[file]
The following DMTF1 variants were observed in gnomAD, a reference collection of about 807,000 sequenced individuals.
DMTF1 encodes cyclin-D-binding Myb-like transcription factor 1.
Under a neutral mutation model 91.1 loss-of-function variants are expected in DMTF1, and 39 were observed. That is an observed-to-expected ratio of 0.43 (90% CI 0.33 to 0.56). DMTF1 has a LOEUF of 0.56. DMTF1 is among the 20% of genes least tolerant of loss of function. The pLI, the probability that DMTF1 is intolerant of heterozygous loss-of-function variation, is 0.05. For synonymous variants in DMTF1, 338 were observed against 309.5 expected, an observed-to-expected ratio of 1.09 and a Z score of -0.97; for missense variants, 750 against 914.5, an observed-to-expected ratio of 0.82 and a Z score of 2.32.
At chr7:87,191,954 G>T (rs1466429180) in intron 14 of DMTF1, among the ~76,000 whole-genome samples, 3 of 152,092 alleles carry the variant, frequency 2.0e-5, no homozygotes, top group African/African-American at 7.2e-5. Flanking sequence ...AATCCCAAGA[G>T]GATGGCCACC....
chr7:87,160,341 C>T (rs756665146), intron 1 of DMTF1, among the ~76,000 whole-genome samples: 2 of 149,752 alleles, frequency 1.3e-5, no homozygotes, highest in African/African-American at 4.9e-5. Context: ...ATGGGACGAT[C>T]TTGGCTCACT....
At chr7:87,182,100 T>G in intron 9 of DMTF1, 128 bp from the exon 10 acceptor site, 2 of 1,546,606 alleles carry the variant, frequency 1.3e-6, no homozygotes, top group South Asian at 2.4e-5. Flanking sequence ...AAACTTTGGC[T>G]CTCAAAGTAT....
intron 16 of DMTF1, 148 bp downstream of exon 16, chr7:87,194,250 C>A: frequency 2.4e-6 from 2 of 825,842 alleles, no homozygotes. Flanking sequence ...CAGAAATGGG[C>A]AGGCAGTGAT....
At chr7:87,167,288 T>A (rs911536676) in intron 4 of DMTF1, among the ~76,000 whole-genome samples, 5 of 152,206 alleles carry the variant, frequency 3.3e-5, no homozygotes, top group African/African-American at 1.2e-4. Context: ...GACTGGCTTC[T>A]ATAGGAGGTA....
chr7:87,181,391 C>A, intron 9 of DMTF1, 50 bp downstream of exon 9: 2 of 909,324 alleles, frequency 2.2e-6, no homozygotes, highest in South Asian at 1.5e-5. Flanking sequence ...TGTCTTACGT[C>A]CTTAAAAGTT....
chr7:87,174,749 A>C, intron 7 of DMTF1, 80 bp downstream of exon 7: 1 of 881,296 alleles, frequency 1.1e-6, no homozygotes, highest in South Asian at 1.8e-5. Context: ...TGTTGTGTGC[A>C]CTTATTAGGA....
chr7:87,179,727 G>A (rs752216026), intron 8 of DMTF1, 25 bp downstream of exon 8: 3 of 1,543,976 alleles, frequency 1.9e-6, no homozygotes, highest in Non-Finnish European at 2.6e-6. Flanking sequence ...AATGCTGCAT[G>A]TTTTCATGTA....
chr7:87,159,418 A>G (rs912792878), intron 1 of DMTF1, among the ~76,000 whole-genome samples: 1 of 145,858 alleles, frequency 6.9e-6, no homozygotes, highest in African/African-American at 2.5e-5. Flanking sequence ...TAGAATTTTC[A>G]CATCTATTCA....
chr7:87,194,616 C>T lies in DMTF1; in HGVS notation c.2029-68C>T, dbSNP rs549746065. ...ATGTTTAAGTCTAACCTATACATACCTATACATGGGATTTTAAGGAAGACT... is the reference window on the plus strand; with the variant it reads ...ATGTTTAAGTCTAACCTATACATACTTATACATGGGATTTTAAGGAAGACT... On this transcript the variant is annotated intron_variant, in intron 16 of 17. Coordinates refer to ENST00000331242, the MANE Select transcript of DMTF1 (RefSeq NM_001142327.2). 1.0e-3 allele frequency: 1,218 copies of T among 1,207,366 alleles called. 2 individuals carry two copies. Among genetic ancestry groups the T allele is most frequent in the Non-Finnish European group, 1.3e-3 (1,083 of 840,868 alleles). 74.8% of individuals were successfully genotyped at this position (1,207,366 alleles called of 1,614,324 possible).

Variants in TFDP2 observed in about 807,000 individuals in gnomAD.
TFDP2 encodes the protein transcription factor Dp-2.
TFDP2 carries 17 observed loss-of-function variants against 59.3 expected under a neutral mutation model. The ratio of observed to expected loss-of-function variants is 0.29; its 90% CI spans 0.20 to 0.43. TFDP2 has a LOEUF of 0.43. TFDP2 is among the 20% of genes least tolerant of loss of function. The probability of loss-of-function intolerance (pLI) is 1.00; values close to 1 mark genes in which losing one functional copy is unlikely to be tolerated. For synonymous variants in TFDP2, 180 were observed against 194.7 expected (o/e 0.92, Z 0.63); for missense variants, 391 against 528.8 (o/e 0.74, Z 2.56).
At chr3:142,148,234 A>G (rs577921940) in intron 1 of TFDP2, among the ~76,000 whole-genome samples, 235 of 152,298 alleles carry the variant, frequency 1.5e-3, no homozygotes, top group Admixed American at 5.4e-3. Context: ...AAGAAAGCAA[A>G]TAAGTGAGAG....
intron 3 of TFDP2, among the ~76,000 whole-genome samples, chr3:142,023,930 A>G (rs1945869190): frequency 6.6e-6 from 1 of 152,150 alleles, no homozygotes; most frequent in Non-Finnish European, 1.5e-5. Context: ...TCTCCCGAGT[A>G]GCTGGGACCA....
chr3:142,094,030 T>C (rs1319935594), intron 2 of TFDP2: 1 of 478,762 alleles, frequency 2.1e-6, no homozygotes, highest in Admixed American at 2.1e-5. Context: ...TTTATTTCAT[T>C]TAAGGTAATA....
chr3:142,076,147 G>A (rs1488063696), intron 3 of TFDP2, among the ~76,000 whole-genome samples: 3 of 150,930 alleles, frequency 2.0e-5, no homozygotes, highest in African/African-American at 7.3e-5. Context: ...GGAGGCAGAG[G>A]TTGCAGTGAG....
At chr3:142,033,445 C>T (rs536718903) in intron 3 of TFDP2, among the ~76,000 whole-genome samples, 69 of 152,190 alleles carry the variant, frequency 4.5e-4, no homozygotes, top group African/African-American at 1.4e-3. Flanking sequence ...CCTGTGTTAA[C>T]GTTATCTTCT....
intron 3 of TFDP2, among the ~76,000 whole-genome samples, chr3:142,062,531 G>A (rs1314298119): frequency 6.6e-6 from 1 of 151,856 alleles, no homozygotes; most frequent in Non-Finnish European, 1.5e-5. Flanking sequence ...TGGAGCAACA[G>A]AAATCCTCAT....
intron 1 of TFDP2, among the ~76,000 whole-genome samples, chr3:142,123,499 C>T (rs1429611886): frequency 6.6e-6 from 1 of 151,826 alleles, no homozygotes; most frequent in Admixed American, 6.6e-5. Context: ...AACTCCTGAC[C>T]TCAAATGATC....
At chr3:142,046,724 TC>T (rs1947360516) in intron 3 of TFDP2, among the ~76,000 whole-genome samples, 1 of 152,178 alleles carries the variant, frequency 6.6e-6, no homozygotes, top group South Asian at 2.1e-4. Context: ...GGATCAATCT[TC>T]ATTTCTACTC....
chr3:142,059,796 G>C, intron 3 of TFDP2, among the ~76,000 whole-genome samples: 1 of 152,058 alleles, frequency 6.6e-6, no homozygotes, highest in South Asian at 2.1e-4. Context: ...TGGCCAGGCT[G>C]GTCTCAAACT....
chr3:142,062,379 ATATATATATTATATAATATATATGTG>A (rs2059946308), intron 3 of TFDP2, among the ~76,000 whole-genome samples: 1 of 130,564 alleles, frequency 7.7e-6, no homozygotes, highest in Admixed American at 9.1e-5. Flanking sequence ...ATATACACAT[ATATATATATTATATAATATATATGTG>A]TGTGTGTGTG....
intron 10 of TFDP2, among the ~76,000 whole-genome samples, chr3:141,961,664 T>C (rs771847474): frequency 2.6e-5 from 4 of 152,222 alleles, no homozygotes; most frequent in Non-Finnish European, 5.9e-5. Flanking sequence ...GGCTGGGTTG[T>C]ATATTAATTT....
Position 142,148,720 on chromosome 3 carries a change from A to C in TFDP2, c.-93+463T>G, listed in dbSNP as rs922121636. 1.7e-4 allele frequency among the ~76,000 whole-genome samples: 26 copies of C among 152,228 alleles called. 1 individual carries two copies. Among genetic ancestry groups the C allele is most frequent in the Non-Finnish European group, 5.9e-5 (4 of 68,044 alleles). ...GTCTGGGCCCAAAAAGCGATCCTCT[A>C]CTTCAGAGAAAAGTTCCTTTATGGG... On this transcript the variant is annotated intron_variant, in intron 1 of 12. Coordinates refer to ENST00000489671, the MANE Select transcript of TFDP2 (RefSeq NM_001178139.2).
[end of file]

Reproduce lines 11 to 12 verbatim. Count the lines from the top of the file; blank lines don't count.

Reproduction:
chr7:87,179,727 G>A (rs752216026), intron 8 of DMTF1, 25 bp downstream of exon 8: 3 of 1,543,976 alleles, frequency 1.9e-6, no homozygotes, highest in Non-Finnish European at 2.6e-6. Flanking sequence ...AATGCTGCAT[G>A]TTTTCATGTA....
chr7:87,159,418 A>G (rs912792878), intron 1 of DMTF1, among the ~76,000 whole-genome samples: 1 of 145,858 alleles, frequency 6.9e-6, no homozygotes, highest in African/African-American at 2.5e-5. Flanking sequence ...TAGAATTTTC[A>G]CATCTATTCA....